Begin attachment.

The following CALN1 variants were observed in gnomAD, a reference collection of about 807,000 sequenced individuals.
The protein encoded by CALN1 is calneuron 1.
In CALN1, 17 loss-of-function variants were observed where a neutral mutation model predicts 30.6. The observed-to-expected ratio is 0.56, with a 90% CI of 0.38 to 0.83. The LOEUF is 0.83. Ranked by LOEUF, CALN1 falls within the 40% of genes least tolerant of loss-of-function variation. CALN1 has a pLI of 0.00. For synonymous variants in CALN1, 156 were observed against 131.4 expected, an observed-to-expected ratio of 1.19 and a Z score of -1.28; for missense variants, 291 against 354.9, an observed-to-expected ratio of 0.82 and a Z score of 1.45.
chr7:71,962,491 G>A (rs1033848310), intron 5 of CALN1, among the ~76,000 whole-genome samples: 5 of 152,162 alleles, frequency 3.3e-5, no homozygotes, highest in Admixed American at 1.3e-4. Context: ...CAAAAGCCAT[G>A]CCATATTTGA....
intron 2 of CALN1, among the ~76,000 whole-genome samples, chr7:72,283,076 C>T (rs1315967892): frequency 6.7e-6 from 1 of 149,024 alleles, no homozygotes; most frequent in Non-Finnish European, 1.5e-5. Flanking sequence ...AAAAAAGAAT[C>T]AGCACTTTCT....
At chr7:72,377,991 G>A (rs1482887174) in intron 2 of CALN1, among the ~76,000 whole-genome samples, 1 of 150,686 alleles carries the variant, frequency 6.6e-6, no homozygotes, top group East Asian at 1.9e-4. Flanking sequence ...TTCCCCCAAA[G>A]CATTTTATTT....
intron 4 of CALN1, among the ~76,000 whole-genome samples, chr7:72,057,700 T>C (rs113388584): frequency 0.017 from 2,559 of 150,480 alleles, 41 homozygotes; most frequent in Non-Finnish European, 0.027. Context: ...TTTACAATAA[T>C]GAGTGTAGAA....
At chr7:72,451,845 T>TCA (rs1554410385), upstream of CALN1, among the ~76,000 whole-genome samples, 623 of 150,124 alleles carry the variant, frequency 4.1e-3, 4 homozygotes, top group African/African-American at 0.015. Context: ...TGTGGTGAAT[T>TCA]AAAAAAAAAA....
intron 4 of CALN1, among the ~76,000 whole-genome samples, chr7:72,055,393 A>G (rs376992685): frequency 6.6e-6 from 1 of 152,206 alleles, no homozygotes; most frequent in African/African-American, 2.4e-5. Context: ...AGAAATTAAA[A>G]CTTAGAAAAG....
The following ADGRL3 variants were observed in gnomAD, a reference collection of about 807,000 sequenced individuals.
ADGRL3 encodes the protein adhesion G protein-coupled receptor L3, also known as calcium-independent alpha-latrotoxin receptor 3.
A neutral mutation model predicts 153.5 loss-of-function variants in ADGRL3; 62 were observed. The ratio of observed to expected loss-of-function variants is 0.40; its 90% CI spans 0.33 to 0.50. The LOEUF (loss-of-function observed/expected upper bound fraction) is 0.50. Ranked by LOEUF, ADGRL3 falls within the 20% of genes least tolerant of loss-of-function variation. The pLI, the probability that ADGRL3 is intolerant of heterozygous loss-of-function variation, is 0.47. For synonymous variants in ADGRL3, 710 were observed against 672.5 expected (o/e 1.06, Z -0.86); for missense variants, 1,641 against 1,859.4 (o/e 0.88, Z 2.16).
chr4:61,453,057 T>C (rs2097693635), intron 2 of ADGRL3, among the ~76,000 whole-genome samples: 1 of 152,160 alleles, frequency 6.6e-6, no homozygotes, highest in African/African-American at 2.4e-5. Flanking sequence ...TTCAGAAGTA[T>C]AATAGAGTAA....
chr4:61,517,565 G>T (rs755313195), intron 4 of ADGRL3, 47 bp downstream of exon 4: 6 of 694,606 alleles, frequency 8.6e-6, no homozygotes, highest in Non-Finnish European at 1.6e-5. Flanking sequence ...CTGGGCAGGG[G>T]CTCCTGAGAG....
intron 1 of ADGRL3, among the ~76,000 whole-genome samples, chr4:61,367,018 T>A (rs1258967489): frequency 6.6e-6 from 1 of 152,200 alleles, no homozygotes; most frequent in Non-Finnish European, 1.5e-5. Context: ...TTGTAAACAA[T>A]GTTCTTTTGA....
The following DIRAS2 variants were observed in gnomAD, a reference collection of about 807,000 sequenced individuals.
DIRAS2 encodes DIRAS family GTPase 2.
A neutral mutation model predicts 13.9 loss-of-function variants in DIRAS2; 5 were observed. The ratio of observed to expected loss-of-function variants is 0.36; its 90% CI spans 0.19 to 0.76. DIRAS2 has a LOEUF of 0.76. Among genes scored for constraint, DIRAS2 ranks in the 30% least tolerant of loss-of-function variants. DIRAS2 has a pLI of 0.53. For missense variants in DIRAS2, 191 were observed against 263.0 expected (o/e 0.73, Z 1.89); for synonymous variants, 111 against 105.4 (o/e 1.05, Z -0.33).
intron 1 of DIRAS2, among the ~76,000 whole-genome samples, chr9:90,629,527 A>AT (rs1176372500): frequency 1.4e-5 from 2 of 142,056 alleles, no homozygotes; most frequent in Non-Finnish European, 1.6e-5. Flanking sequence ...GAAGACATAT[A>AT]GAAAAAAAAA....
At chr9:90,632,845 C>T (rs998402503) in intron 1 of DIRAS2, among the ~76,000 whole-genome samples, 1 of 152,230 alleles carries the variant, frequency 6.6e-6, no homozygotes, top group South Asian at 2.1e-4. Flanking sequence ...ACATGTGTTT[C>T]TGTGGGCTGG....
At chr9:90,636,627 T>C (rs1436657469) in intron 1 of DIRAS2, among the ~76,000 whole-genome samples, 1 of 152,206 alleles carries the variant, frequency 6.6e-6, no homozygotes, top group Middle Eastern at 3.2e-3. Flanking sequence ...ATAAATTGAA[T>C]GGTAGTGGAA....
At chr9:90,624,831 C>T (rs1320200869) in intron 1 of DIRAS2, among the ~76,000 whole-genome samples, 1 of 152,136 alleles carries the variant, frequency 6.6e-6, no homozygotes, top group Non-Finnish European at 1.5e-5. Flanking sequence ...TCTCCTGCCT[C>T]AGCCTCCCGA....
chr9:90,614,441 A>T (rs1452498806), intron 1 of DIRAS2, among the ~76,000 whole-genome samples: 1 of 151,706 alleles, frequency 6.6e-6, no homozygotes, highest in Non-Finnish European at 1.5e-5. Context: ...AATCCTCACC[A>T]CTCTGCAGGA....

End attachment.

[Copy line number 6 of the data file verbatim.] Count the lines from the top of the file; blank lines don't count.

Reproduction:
At chr7:72,377,991 G>A (rs1482887174) in intron 2 of CALN1, among the ~76,000 whole-genome samples, 1 of 150,686 alleles carries the variant, frequency 6.6e-6, no homozygotes, top group East Asian at 1.9e-4. Flanking sequence ...TTCCCCCAAA[G>A]CATTTTATTT....